Nutrition Choices for Your Pet
Choosing a food for your pet can be a very confusing task with so many choices that are available to consumers. There are many great food choices, but just as many poor ones. Store Brand foods top our list as having little benefit to a dog’s nutritional needs. It is very important to remember that you really get what you pay for when it comes to dog foods.
Dog foods that contain lots of coloring to the kibble can be upsetting to the GI tract of our canine friends due to the additives that make it that color. Once you find a diet that works well for your pet, it is also important not to switch brands or types of food if possible. As humans, our diets often thrive on variety , but pets are very content to always eat the same food. Along with so many choices in dog food brands, there are several varieties within each brand.
So what should you look for in a quality dog food? With so many terms out there such as “formulated”, “organic”, “holistic”, etc. it is hard to know where to start. One of the first things to look for is whether the food is labeled as having gone through an AAFCO Feeding Trial. These trials enure that the food you are feeding your pet is nutritionally balanced, and easily digestible. You want to avoid foods that are labeled as “formulated” as they have no scientific backing to the nutritional value. Be wary of foods that are labeled as “holistic” or “human grade” as they are held to no legal standards, and may contain any number of ingredients.
You also want to avoid foods that are labeled for “all life stages”. Your pet has different nutritional needs throughout the different stages of his/her life, and too much or too little of a nutrient can have negative effects. For example, too little protein can cause poor growth, but too much can cause stress to the kidneys. Not enough Magnesium can cause bone weakness, but too much can cause bladder stones. It is important to make sure the food you are feeding you puppy/kitten is labeled for growth, and the food you feed your adult pet is labeled adult maintenance. The adult maintenance diets are great for our 1-7 year old dog, but once a dog reaches his 7th birthday it is a good time to be thinking about switching to a Senior Diet.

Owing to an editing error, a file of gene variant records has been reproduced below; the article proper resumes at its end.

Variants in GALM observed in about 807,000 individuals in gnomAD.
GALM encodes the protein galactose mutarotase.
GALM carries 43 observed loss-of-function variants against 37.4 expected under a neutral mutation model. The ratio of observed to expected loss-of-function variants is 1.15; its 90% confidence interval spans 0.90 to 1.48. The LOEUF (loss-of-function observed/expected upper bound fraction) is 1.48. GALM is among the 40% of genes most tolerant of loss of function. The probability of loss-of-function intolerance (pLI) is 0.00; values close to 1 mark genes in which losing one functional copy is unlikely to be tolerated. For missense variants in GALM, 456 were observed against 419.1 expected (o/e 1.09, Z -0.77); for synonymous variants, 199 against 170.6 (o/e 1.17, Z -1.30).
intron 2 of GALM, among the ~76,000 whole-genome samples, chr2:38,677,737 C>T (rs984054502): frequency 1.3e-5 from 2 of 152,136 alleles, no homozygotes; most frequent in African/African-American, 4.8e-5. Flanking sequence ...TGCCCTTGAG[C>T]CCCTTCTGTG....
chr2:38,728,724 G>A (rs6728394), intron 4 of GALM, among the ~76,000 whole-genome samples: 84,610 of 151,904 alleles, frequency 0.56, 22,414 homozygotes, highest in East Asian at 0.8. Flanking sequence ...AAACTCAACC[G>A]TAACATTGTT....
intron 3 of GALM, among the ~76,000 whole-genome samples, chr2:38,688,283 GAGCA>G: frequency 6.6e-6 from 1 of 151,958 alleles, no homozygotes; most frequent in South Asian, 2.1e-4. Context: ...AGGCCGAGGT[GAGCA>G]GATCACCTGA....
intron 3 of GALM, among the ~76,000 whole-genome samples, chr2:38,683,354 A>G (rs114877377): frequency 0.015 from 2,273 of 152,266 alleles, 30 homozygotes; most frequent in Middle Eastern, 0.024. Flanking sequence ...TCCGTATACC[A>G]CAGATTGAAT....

There is lot of negative stigma attached to the term “by-products”, but by products are not always a bad thing. They are a common ingredient found in both human and pet food, and simply mean “a product produced during the making of something else”. For example, a by-product of soy beans is Vitamin E. Manufacturers of high-quality pet foods only use by-product components that add nutritional value and palatablity. There is a lot of myths about allergens in pet foods. The top two allergens for both cats and dogs are actually beef and dairy. Contrary to popular belief corn is not a common allergen in cats or dogs. It is actually highly digestible and is a good source of quality protein along with several other nutrients.
Therefore, while the better foods may cost a little bit more per bag, you feed less. The cost of feeding your average 40lb adult dog a Science Diet adult maintenance formula is about $1.08 per day. Your average 10lb adult cat can be fed for as little as $0.41 per day. As you can see there are numerous benefits to feeding higher quality foods.
The brands that we recommend are listed below and can usually be found at Wal-Mart, TSC, as well as Pet Smart and even here at Hartford Veterinary Services.
Hill’s Science Diet Eukanuba Purina Pro Plan
Iams Purina One